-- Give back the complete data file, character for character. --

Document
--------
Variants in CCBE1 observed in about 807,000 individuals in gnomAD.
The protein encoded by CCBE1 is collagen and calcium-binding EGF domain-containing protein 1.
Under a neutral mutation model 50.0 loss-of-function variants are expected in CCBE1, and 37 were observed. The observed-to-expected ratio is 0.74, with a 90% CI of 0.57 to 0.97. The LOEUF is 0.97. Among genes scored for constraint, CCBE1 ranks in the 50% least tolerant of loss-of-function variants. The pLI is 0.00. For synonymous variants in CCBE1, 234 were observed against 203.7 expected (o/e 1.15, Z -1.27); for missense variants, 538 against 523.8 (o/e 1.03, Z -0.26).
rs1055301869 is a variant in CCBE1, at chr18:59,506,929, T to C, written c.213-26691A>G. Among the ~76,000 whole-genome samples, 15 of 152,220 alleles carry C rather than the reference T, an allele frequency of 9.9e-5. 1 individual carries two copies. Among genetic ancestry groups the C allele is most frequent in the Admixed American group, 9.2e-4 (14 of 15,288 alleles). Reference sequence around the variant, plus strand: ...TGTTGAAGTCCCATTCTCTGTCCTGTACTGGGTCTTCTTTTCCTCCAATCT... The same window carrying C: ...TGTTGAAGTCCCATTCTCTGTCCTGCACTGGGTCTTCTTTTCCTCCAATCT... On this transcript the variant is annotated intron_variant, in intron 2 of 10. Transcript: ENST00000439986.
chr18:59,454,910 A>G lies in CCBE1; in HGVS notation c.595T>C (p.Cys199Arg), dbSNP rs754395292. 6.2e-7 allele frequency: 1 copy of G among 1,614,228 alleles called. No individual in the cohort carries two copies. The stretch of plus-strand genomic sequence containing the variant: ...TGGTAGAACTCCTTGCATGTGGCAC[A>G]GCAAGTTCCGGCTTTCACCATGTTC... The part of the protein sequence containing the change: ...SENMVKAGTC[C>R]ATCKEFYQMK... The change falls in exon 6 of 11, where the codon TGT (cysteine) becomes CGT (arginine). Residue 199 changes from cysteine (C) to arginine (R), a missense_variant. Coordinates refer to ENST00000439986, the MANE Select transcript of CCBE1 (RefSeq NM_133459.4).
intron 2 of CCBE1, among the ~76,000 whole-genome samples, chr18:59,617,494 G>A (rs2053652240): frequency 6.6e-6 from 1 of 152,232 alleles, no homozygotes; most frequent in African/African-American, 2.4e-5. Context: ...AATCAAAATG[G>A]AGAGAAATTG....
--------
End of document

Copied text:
Variants in CCBE1 observed in about 807,000 individuals in gnomAD.
The protein encoded by CCBE1 is collagen and calcium-binding EGF domain-containing protein 1.
Under a neutral mutation model 50.0 loss-of-function variants are expected in CCBE1, and 37 were observed. The observed-to-expected ratio is 0.74, with a 90% CI of 0.57 to 0.97. The LOEUF is 0.97. Among genes scored for constraint, CCBE1 ranks in the 50% least tolerant of loss-of-function variants. The pLI is 0.00. For synonymous variants in CCBE1, 234 were observed against 203.7 expected (o/e 1.15, Z -1.27); for missense variants, 538 against 523.8 (o/e 1.03, Z -0.26).
rs1055301869 is a variant in CCBE1, at chr18:59,506,929, T to C, written c.213-26691A>G. Among the ~76,000 whole-genome samples, 15 of 152,220 alleles carry C rather than the reference T, an allele frequency of 9.9e-5. 1 individual carries two copies. Among genetic ancestry groups the C allele is most frequent in the Admixed American group, 9.2e-4 (14 of 15,288 alleles). Reference sequence around the variant, plus strand: ...TGTTGAAGTCCCATTCTCTGTCCTGTACTGGGTCTTCTTTTCCTCCAATCT... The same window carrying C: ...TGTTGAAGTCCCATTCTCTGTCCTGCACTGGGTCTTCTTTTCCTCCAATCT... On this transcript the variant is annotated intron_variant, in intron 2 of 10. Transcript: ENST00000439986.
chr18:59,454,910 A>G lies in CCBE1; in HGVS notation c.595T>C (p.Cys199Arg), dbSNP rs754395292. 6.2e-7 allele frequency: 1 copy of G among 1,614,228 alleles called. No individual in the cohort carries two copies. The stretch of plus-strand genomic sequence containing the variant: ...TGGTAGAACTCCTTGCATGTGGCAC[A>G]GCAAGTTCCGGCTTTCACCATGTTC... The part of the protein sequence containing the change: ...SENMVKAGTC[C>R]ATCKEFYQMK... The change falls in exon 6 of 11, where the codon TGT (cysteine) becomes CGT (arginine). Residue 199 changes from cysteine (C) to arginine (R), a missense_variant. Coordinates refer to ENST00000439986, the MANE Select transcript of CCBE1 (RefSeq NM_133459.4).
intron 2 of CCBE1, among the ~76,000 whole-genome samples, chr18:59,617,494 G>A (rs2053652240): frequency 6.6e-6 from 1 of 152,232 alleles, no homozygotes; most frequent in African/African-American, 2.4e-5. Context: ...AATCAAAATG[G>A]AGAGAAATTG....